With Weber now down in Dallas alongside Ezekiel Elliott, Dobbins has taken a firm hold of Ohio State’s starting running back job this season. The Ohio State rushing attack looked better last week than it has in a long time against a substantial defense, and Dobbins’ 141 yard performance in the first half was so solid that he didn’t even need to take a snap for the final 30 minutes of the game.
Dobbins is well-experienced in IU Memorial Stadium, well-prepared for his role, and well-rested in the wake of last week’s game. I’m expecting Dobbins to put on a massive encore in his return to Bloomington, particularly against an Indiana rushing defense that has yet to face anything close to a true test in 2019.
Hoosier Offense vs. Buckeye Defense
Continuing with the theme that the Hoosiers have yet to face a team that can stress them out a bit, consider this: there are currently only three Big Ten quarterbacks that have completed ten or more passes this season without taking any sacks.
One of them is Penn State backup Will Levis. The other two are Michael Penix Jr. and Peyton Ramsey of the Indiana Hoosiers.
MAC and FCS teams simply cannot bring the heat the way a Power 5 team does, and that lack of recent playing experience against a quality pass rush is going to hit the Hoosiers hard on Saturday when Chase Young and the rest of the defensive line roll into town. With great pressure comes great mistakes, and while Penix Jr. has left no doubt about his talent through two games, he’s still prone to errors as any other redshirt freshman in a starring role. To that point, Penix Jr. tossed two interceptions to only one touchdown in his relatively unpressured game against Ball State in the opener.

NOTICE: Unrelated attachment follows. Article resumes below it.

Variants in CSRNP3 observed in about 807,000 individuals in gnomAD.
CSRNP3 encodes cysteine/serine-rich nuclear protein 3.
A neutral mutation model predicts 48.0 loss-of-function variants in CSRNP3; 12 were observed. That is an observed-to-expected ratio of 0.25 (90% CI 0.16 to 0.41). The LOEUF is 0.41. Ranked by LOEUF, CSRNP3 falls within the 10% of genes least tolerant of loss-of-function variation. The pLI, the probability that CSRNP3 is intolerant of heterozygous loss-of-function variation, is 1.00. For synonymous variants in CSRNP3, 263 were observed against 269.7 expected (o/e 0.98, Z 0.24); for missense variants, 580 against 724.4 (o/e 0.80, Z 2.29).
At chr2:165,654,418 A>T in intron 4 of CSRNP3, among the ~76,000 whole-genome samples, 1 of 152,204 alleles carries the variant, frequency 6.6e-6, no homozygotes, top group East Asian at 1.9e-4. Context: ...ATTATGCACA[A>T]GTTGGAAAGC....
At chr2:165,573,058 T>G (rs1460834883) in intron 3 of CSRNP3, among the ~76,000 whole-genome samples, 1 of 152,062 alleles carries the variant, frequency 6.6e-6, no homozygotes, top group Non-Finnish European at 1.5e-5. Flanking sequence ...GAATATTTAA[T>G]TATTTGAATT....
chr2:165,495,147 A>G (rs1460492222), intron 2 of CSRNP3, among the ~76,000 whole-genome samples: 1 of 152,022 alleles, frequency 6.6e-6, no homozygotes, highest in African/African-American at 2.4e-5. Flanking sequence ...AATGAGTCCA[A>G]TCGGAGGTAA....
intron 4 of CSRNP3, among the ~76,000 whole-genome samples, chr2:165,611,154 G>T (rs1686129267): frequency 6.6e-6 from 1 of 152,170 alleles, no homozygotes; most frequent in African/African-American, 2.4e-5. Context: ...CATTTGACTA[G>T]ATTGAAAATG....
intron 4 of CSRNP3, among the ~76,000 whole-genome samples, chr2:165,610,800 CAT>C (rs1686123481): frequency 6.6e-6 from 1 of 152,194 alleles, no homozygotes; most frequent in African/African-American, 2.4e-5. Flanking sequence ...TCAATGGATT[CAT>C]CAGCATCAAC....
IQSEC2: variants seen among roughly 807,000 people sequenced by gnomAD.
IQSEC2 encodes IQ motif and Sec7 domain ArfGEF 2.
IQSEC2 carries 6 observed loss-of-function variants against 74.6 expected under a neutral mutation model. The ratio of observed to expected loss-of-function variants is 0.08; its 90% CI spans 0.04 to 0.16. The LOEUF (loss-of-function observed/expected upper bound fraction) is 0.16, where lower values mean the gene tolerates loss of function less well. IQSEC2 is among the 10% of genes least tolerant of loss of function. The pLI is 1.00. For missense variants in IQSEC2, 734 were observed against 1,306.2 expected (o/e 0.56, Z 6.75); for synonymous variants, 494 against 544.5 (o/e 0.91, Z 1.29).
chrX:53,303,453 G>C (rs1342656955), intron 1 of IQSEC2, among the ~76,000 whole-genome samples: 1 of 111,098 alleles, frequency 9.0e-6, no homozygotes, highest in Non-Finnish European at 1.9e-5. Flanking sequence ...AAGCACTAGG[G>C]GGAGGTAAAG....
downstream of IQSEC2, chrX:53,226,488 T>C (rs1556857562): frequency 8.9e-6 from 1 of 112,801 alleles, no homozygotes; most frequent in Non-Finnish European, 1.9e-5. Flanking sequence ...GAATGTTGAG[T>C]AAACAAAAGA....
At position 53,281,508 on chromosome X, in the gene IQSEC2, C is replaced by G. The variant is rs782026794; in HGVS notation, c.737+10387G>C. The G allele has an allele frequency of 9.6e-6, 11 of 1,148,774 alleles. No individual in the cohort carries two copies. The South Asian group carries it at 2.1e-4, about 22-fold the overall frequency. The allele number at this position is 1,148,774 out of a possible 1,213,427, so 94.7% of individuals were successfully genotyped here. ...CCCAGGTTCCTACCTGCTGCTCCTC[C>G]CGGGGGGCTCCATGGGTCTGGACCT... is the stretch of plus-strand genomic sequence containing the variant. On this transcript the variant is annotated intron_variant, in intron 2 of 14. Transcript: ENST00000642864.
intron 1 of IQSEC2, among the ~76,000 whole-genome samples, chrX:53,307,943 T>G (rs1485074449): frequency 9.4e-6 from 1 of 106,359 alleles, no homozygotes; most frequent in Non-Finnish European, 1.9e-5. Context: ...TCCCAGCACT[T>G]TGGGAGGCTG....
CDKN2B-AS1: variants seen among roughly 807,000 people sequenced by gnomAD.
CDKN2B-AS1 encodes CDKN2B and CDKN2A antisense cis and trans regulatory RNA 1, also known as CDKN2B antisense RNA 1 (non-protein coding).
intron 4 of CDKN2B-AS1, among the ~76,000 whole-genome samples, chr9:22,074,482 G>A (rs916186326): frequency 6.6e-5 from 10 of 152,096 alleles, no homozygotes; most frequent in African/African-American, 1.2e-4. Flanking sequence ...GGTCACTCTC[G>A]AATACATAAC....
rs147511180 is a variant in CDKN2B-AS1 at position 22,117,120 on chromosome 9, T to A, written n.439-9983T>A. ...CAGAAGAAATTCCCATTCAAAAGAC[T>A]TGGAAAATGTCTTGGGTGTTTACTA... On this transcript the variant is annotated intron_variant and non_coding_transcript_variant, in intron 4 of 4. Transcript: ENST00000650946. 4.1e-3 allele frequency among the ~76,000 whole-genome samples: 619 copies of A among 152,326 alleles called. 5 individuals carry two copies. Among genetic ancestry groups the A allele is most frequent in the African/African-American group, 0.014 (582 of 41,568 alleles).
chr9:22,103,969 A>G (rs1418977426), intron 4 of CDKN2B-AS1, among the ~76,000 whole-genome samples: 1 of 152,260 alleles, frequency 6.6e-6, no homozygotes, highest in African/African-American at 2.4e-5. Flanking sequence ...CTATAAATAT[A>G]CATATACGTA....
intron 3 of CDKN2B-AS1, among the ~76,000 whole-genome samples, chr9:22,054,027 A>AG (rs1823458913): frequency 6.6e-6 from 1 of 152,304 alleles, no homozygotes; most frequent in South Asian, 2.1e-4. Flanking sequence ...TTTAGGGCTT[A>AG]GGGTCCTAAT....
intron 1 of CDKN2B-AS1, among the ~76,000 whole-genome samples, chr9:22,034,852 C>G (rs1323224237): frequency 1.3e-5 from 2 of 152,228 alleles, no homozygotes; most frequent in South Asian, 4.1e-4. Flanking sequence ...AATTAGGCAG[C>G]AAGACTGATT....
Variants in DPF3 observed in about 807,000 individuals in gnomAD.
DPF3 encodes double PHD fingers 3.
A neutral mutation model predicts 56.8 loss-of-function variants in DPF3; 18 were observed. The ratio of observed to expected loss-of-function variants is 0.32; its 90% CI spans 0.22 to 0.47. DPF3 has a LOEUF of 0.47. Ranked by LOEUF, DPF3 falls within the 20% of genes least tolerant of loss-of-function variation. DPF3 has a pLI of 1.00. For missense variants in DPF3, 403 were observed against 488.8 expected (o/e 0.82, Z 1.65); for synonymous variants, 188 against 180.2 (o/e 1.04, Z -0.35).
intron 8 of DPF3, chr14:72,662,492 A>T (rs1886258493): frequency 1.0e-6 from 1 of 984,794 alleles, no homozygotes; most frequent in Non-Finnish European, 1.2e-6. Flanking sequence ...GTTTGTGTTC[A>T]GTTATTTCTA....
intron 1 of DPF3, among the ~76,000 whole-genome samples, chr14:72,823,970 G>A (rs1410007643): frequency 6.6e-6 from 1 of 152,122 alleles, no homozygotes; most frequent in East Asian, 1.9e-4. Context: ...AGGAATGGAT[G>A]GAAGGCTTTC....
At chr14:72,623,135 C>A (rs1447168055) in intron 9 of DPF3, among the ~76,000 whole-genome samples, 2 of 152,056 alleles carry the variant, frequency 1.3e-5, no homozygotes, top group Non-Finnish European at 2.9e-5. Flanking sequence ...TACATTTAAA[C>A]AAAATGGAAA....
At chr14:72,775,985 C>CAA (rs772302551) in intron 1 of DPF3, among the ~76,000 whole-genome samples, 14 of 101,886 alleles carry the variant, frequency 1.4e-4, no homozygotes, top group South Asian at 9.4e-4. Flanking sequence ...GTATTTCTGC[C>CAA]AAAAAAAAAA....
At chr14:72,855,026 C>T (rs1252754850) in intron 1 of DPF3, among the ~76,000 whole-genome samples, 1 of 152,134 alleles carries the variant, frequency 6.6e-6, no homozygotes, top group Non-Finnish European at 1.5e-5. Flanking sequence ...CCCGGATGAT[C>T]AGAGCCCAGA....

Indiana’s starting quarterbacks have thrown for 732 passing yards in their previous two meetings with Ohio State. Between a new zone scheme and a front that has to be licking their chops, it will be interesting to see if Indiana can still throw all over Ohio State’s defense for the third year in a row.
The Bottom Line
Indiana checks in at 40th overall on Bill Connelly’s SP+ rankings this week, which is four spots behind where Cincinnati was last week before the Buckeyes shipped them back to Kentucky in a styrofoam icebox. Personally, I don’t buy that Indiana is just two spots behind Maryland in terms of projected efficiency against their opponents this season. Penix Jr. is a guy that will likely strike fear in the hearts of many Big Ten fans one day, but I still think he needs about a year of experience before he and his team make a leap towards hanging with the top half of the B1G East.
With Indiana apparently keying on Justin Fields, I expect Dobbins to run roughshod over an untested Hoosier defense. If Indiana’s offense is unable to replicate their prolific throwing success against the Buckeyes from seasons prior, they’re going to have a lot of trouble staying in this game. Given none of their quarterbacks have been sacked yet this season, it’s highly unlikely they will be able to play the mistake-free offense they’ll need to pull off an upset. While I expect an entertaining game, look for Ohio State to open their conference play with a resounding victory.